Rayo On Designing Financial Services For Immigrants’ International Banking Needs

For 40 million U.S. immigrants, opening bank accounts and cost-effectively sending funds to another country can mean using multiple banking and payment apps. But in the Smarter Payments Tracker, Rayo General Manager Joaquin Ayuso explains the role that Banking-as-a-Service integrations play in helping financial institutions provide them an inclusive, one-stop mobile banking experience.

Many immigrants migrate to the U.S. for better earnings opportunities, both to support themselves and their family members back home.

This makes it essential for these consumers to quickly get set up with bank accounts, cross-border payments services and other financial capabilities, but service providers can struggle to make this happen with the speed these consumers need.

Immigrants’ transitions to new countries are only made more difficult by the fact that many banks cannot provide all the functionalities that this customer group typically desires. This forces new U.S. residents to work with several different financial services providers to meet their needs, for example opening deposit accounts at one financial institution (FI) while turning to a separate money transfer organization to send remittances.

These and other difficulties are why Joaquin Ayuso, general manager of immigrant- and expat-focused banking services provider Rayo, said he regards “the immigrant community as one of the most underserved in financial services.”

In a conversation with PYMNTS, Ayuso discussed serving immigrants’ banking needs, the struggles FIs and FinTechs face to cater to them, and how Banking-as-a-Service (BaaS) can help.

Establishing Accounts In Advance

Immigrants need to learn the ins and outs of their host countries’ financial systems, which may differ from the policies they have previously encountered. Having to wait until they arrive in their new countries to start this transition can be a challenge, however, because it forces them to do this while simultaneously adjusting to new homes, jobs and social environments.

Consumers cannot dawdle on these adjustments, either. Those arriving in the U.S. on work visas typically need to quickly set up bank accounts for their paychecks and obtain debit cards they can use to start making purchases, Ayuso said. Financial service providers can ease the stress of getting established in new countries by enabling immigrants to handle some of their financial transitions before leaving their home countries. This can include enabling customers to open U.S.-based bank accounts before arriving in the nation.

Many FIs would balk at extending prearrival account opening services, despite the benefits to consumers, because there can be greater financial risk involved when onboarding customers living in other countries.

“The biggest challenge we had was … convincing our bank partners that we could measure the risk of this community to the extent that we can open accounts for them before they arrive in the country — which is something very hard to do in the banking industry today,” Ayuso said.

Getting FIs on board required persuading them that the digital bank’s executives had the prior experience in international banking necessary to prepare them to accurately assess and limit such risks, Ayuso noted. Finding BaaS solution provider partners that had international focuses and licensing was also key.

Streamlining Remittances

Once newly arrived residents have their immediate financial needs met, they need to find services that let them transmit funds back home, Ayuso said. Sending cross-border payments can be a fragmented experience, however. Consumers seek quick, digital transfer options and are often frustrated in their pursuit of such seamlessness. They often instead have to juggle various services to achieve all their financial goals.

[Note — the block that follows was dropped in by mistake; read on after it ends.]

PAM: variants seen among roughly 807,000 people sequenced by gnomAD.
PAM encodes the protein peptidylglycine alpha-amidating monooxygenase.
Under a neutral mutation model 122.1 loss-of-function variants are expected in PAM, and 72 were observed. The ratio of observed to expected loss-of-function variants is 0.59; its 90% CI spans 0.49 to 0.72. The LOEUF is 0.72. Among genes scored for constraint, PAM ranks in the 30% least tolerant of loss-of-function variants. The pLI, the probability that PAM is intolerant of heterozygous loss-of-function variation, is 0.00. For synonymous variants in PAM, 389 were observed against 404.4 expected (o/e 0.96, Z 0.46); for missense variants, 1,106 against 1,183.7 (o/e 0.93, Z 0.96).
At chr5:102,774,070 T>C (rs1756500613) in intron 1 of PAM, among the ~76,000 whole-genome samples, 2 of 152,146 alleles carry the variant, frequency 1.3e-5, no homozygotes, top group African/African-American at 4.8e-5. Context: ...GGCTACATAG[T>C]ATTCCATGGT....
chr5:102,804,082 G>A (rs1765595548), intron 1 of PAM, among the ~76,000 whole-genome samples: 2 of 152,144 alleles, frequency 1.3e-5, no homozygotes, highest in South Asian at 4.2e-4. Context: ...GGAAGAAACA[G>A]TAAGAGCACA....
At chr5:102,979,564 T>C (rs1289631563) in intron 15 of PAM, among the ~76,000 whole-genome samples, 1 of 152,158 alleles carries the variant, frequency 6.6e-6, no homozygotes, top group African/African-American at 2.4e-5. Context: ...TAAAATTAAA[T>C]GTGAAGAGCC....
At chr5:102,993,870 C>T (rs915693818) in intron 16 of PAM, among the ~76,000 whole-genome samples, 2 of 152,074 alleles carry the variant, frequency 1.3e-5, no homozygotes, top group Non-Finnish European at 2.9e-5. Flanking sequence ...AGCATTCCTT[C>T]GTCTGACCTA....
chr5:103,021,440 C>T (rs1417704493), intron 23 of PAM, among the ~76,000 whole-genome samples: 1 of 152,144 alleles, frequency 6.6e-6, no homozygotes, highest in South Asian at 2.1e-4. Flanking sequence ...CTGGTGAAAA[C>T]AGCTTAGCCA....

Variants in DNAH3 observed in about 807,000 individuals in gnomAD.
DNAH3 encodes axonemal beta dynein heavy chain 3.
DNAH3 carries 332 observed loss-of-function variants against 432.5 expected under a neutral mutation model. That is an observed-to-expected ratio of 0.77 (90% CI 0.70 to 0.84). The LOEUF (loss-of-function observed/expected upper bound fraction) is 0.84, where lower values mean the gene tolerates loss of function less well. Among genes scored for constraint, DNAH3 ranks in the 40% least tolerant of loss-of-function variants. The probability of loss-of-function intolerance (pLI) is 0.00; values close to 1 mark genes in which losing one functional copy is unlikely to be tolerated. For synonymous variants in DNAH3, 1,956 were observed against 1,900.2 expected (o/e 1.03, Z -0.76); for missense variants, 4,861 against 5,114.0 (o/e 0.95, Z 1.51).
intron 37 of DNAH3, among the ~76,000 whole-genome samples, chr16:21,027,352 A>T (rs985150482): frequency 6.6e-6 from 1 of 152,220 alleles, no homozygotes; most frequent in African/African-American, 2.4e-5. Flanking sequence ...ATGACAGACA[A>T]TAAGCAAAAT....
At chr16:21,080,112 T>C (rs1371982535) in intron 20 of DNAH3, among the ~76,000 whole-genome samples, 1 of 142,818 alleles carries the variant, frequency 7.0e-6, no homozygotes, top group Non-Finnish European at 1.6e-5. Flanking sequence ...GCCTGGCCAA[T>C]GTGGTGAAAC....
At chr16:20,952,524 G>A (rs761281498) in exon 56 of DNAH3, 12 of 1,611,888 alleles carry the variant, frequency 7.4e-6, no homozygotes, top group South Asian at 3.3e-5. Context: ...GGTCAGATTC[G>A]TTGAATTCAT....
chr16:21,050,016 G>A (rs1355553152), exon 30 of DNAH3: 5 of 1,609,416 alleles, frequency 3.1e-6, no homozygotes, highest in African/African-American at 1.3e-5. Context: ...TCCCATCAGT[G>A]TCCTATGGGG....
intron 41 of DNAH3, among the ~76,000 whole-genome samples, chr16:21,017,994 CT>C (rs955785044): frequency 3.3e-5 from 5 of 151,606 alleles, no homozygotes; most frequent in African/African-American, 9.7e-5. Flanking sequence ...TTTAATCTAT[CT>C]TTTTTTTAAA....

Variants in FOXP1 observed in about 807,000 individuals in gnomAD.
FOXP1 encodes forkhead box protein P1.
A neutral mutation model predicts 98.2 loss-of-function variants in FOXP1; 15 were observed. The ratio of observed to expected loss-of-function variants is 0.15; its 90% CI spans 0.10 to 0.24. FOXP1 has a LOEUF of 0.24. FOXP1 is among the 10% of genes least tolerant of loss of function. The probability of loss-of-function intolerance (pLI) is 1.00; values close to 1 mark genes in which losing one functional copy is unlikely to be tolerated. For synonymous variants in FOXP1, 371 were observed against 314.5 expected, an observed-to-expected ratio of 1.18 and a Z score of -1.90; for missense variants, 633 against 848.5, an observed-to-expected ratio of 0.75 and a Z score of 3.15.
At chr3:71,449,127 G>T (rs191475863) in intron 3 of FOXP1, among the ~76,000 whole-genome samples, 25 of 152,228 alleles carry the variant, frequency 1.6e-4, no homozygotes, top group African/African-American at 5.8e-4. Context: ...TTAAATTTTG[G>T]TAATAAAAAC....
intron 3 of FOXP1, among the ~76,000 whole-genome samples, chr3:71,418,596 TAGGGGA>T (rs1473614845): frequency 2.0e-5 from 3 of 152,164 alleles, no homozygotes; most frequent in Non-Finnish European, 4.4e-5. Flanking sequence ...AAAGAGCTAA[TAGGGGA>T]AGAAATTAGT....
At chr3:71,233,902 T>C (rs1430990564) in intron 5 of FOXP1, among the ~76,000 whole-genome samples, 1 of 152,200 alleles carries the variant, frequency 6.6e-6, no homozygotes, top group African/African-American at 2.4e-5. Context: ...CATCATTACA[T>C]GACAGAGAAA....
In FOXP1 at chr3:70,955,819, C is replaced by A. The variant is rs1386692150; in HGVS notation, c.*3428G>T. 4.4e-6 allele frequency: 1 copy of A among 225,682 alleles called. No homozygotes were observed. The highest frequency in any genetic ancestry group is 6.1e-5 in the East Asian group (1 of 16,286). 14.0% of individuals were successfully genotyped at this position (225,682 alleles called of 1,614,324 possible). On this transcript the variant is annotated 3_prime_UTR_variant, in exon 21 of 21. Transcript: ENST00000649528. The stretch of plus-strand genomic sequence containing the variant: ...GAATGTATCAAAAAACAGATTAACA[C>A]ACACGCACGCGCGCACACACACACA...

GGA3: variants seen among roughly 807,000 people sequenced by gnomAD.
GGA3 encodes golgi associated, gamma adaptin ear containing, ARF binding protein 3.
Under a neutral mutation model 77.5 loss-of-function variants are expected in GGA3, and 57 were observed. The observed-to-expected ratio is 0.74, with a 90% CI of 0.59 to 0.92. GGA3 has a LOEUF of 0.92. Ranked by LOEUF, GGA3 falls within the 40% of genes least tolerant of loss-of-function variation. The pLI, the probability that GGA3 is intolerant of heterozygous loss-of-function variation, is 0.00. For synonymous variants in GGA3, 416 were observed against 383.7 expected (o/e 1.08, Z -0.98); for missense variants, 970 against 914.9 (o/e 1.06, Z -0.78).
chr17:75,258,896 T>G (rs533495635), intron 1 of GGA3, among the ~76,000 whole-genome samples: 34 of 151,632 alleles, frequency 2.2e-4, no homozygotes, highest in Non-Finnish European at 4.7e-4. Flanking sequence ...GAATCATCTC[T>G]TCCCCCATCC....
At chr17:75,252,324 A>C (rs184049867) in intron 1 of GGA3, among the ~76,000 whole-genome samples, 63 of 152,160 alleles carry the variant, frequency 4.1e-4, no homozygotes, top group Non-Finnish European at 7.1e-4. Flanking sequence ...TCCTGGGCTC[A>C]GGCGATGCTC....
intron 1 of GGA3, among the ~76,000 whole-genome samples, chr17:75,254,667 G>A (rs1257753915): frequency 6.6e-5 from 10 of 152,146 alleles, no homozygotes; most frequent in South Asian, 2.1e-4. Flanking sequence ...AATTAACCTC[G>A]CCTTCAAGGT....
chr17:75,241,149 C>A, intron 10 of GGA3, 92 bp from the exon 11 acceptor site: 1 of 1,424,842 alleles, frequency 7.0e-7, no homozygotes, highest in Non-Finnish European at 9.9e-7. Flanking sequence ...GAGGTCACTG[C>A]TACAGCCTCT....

“Usually, what you have is a neobank, then the remittances [are] in a separate app,” Ayuso explained.

These kinds of frictions could fall away in the future because a growing number of companies are now working to design more holistic digital banking offerings, he said. Financial service providers can create one-stop platforms that integrate a variety of BaaS offerings on the back end to meet this demographic’s various needs while presenting end customers with unified user experiences. This means immigrants will get access to deposit accounts, bill payment, cross-border transfers and more all via the same app.

Providers that want to start offering such all-in-one experiences need to both adopt the technologies that will support functionalities like cross-border transfers as well as be ready to comply with the regulations of each market they wish to serve. The latter can be particularly complicated, Ayuso said, but firms can accelerate these financial journeys by partnering with BaaS providers that handle licensing and regulations on their behalf in various markets while also providing ready-to-integrate functionalities.

Branching out to offer all-in-one financial services packages could also help providers tackle another common remittance friction: cost. The World Bank found that consumers globally are charged an average of 6.75 percent of their transfers’ values to send remittances, but Ayuso explained that providers that make revenue from other banking services may be able to offer cross-border transfers for lower fees. The earnings from other banking products can be enough to make reduced remittance prices affordable to the firms.

Today’s consumers want seamless, affordable financial services, and immigrants are no exception. These customers’ international lives can make them more challenging to serve, but relief is in sight. Providers are turning to BaaS partnerships and careful risk assessments to help them step up to the plate and deliver banking and payments experiences that give immigrants a smoother transition to new countries.